On the 55th anniversary of his assassination, it is hard to think of anyone whose legacy has been so misrepresented as that of Martin Luther King Jr.
Martin Luther King (MLK) dedicated his life to the pursuit of truth regardless of the consequences, personal or political. Thus, at the time of his murder at the hands of a white supremacist on April 4, 1968 in the city of Memphis, where he had arrived to lead a march of the city’s sanitation workers over pay and conditions, he found himself an isolated figure.
Indeed, in an uncanny if not macabre example of a death foretold, on the eve of his assassination, at the end of both the last and one of the most famous speeches he ever gave, the black civil rights leader proclaimed:
I may not get there with you. But I want you to know tonight, that we, as a people, will get to the Promised Land. And so I’m happy tonight. I’m not worried about anything. I’m not fearing any man. Mine eyes have seen the glory of the coming of the Lord.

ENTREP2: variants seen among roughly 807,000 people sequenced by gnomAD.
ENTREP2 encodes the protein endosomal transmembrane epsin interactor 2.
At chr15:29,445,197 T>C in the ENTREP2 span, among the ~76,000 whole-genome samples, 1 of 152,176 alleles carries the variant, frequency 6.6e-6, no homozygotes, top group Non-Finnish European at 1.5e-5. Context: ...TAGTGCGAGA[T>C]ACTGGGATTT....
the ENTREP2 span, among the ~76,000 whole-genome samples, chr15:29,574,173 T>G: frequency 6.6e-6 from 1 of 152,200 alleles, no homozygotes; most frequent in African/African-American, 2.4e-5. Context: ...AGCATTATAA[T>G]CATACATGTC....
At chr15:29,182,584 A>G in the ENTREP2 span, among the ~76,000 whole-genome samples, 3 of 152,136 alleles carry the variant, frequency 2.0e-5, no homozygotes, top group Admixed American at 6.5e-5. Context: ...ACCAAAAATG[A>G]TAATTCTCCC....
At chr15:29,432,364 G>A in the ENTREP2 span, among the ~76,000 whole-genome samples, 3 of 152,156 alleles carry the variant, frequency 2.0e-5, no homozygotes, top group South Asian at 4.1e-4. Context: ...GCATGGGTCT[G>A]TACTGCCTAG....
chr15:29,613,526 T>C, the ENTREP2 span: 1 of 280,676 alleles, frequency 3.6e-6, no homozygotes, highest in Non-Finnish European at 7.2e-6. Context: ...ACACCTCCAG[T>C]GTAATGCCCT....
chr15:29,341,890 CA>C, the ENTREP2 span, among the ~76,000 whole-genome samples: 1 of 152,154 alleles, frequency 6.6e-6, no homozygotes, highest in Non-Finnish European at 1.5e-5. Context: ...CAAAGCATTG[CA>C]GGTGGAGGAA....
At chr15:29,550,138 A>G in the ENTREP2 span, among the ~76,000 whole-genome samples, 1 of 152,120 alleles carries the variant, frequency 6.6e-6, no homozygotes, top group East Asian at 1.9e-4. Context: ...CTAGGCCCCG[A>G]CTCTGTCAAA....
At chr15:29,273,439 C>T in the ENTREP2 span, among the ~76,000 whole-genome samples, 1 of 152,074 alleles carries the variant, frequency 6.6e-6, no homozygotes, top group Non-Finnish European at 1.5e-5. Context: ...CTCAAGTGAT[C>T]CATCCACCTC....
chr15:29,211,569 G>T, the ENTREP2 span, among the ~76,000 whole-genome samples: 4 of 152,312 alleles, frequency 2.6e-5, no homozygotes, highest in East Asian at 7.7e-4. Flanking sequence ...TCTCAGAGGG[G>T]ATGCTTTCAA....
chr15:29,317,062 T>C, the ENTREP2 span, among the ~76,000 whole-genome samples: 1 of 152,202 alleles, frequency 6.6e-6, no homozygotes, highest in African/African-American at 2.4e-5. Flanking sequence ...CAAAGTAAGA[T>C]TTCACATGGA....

King by now had alienated many of his white liberal champions and supporters in Washington, and also many of his friends and followers within the black civil rights movement, over his vocal opposition to the war in Vietnam. Meanwhile, his refusal to budge from the principal of non-violence when it came to the struggle for racial justice and equality had shed him support within the wider black civil rights movement among a young generation of activists whose anger and frustration at the lack of progress when it came to achieving justice for black people was at breaking point.
King biographer James H. Cone writes that King’s “sermons [opposing Vietnam] were delivered against the advice of many of his friends and followers… who told him to keep silent about the war because he was alienating President Johnson and [the movement’s] financial supporters.” No matter, Cone elaborates, because King “could not overlook [America’s] great contradictions of racism, poverty, and militarism.”